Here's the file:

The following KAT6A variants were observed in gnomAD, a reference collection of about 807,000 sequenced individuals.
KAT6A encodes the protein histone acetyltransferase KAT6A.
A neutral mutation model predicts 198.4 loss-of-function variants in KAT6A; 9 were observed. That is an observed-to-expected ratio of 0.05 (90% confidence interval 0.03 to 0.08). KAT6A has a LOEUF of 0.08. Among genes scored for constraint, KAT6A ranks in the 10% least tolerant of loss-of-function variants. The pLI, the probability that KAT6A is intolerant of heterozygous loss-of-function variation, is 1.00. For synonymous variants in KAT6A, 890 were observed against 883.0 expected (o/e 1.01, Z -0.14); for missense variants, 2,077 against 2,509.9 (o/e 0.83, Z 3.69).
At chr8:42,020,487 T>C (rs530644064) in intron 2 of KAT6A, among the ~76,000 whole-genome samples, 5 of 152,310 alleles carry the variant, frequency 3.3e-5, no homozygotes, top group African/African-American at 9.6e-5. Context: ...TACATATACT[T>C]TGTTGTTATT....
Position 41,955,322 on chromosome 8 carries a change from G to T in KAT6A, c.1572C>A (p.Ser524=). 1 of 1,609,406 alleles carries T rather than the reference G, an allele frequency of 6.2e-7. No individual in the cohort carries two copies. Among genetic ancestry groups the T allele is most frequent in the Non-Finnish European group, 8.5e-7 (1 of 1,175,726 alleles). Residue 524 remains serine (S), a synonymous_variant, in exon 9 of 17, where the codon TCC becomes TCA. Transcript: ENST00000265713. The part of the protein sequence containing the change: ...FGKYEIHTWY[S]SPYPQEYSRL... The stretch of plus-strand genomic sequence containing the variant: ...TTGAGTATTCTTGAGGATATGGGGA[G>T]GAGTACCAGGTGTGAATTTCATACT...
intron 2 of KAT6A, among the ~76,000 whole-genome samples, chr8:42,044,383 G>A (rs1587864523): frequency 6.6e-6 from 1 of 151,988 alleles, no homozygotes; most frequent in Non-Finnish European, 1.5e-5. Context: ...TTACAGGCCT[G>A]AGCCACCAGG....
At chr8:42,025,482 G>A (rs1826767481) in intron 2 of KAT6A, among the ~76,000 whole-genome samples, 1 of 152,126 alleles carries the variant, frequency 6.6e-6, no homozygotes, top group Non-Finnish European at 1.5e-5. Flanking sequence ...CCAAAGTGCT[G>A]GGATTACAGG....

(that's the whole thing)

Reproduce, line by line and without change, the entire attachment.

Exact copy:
The following KAT6A variants were observed in gnomAD, a reference collection of about 807,000 sequenced individuals.
KAT6A encodes the protein histone acetyltransferase KAT6A.
A neutral mutation model predicts 198.4 loss-of-function variants in KAT6A; 9 were observed. That is an observed-to-expected ratio of 0.05 (90% confidence interval 0.03 to 0.08). KAT6A has a LOEUF of 0.08. Among genes scored for constraint, KAT6A ranks in the 10% least tolerant of loss-of-function variants. The pLI, the probability that KAT6A is intolerant of heterozygous loss-of-function variation, is 1.00. For synonymous variants in KAT6A, 890 were observed against 883.0 expected (o/e 1.01, Z -0.14); for missense variants, 2,077 against 2,509.9 (o/e 0.83, Z 3.69).
At chr8:42,020,487 T>C (rs530644064) in intron 2 of KAT6A, among the ~76,000 whole-genome samples, 5 of 152,310 alleles carry the variant, frequency 3.3e-5, no homozygotes, top group African/African-American at 9.6e-5. Context: ...TACATATACT[T>C]TGTTGTTATT....
Position 41,955,322 on chromosome 8 carries a change from G to T in KAT6A, c.1572C>A (p.Ser524=). 1 of 1,609,406 alleles carries T rather than the reference G, an allele frequency of 6.2e-7. No individual in the cohort carries two copies. Among genetic ancestry groups the T allele is most frequent in the Non-Finnish European group, 8.5e-7 (1 of 1,175,726 alleles). Residue 524 remains serine (S), a synonymous_variant, in exon 9 of 17, where the codon TCC becomes TCA. Transcript: ENST00000265713. The part of the protein sequence containing the change: ...FGKYEIHTWY[S]SPYPQEYSRL... The stretch of plus-strand genomic sequence containing the variant: ...TTGAGTATTCTTGAGGATATGGGGA[G>T]GAGTACCAGGTGTGAATTTCATACT...
intron 2 of KAT6A, among the ~76,000 whole-genome samples, chr8:42,044,383 G>A (rs1587864523): frequency 6.6e-6 from 1 of 151,988 alleles, no homozygotes; most frequent in Non-Finnish European, 1.5e-5. Context: ...TTACAGGCCT[G>A]AGCCACCAGG....
At chr8:42,025,482 G>A (rs1826767481) in intron 2 of KAT6A, among the ~76,000 whole-genome samples, 1 of 152,126 alleles carries the variant, frequency 6.6e-6, no homozygotes, top group Non-Finnish European at 1.5e-5. Flanking sequence ...CCAAAGTGCT[G>A]GGATTACAGG....